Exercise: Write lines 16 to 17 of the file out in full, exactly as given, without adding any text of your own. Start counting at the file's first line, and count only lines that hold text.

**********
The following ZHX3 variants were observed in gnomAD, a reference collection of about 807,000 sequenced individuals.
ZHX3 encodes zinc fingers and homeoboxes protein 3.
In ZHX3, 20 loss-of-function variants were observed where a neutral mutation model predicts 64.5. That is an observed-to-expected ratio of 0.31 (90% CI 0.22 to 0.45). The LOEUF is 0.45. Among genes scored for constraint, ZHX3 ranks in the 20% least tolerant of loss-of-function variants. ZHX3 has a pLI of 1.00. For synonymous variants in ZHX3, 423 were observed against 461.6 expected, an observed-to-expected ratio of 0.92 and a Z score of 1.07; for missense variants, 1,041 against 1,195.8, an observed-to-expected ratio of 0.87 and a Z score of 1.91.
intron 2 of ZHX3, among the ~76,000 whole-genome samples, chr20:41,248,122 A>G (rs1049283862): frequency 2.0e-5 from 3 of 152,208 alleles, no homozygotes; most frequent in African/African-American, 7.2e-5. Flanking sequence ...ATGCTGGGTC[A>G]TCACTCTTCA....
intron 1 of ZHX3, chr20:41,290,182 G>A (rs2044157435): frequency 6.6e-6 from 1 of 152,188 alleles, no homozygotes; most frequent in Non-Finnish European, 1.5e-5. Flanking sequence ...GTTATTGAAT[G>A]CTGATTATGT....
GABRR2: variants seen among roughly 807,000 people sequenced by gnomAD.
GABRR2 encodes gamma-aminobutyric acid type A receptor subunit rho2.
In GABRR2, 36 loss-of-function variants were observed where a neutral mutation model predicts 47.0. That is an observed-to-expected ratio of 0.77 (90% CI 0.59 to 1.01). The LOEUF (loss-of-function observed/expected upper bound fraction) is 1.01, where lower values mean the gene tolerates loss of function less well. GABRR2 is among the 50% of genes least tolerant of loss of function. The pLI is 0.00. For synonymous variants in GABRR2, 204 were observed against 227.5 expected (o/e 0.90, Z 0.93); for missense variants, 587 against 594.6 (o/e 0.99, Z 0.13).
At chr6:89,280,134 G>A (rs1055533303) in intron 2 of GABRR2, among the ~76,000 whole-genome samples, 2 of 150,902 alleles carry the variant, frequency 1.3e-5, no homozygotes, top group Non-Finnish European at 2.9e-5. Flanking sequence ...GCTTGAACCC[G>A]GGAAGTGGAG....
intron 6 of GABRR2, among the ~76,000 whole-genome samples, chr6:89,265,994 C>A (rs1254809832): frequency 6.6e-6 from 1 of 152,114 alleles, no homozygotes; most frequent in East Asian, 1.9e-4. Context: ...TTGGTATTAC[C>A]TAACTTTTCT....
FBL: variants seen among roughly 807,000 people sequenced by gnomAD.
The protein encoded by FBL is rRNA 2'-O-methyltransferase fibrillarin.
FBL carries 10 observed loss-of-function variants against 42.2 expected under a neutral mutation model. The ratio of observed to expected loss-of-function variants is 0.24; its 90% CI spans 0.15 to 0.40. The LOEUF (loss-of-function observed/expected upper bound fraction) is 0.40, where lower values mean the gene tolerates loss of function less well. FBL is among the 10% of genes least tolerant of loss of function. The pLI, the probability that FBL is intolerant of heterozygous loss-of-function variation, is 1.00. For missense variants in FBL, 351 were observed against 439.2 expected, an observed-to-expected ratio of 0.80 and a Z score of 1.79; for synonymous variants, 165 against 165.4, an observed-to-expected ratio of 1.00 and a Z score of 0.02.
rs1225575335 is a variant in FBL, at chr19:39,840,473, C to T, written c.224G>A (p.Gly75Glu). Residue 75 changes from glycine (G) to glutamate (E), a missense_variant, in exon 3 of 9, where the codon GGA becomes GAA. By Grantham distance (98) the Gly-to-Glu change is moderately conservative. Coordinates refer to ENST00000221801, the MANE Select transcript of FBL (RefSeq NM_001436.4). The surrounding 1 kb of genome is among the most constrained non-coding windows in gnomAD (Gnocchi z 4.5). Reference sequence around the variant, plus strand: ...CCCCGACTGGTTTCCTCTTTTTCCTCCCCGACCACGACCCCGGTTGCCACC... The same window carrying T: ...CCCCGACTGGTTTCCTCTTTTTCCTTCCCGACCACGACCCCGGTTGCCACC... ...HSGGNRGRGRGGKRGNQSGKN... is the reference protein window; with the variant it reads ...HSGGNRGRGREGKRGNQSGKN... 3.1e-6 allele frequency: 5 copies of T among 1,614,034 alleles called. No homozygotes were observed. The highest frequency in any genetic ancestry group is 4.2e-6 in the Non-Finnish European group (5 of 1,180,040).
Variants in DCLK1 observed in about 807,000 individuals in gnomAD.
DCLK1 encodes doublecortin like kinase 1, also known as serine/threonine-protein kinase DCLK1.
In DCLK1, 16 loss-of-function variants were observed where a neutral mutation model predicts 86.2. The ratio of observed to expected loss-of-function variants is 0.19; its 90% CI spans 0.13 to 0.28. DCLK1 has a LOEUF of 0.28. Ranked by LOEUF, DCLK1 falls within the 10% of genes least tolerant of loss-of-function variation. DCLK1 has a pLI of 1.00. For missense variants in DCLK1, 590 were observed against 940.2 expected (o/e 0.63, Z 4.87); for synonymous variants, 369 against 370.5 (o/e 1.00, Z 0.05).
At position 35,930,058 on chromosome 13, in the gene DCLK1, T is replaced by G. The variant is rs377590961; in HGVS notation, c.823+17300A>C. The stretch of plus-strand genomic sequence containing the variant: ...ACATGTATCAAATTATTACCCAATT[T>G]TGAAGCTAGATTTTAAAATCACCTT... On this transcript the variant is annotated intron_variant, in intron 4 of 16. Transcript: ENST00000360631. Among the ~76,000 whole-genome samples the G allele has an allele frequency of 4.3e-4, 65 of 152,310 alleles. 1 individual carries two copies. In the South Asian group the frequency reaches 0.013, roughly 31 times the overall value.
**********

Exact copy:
DCLK1 encodes doublecortin like kinase 1, also known as serine/threonine-protein kinase DCLK1.
In DCLK1, 16 loss-of-function variants were observed where a neutral mutation model predicts 86.2. The ratio of observed to expected loss-of-function variants is 0.19; its 90% CI spans 0.13 to 0.28. DCLK1 has a LOEUF of 0.28. Ranked by LOEUF, DCLK1 falls within the 10% of genes least tolerant of loss-of-function variation. DCLK1 has a pLI of 1.00. For missense variants in DCLK1, 590 were observed against 940.2 expected (o/e 0.63, Z 4.87); for synonymous variants, 369 against 370.5 (o/e 1.00, Z 0.05).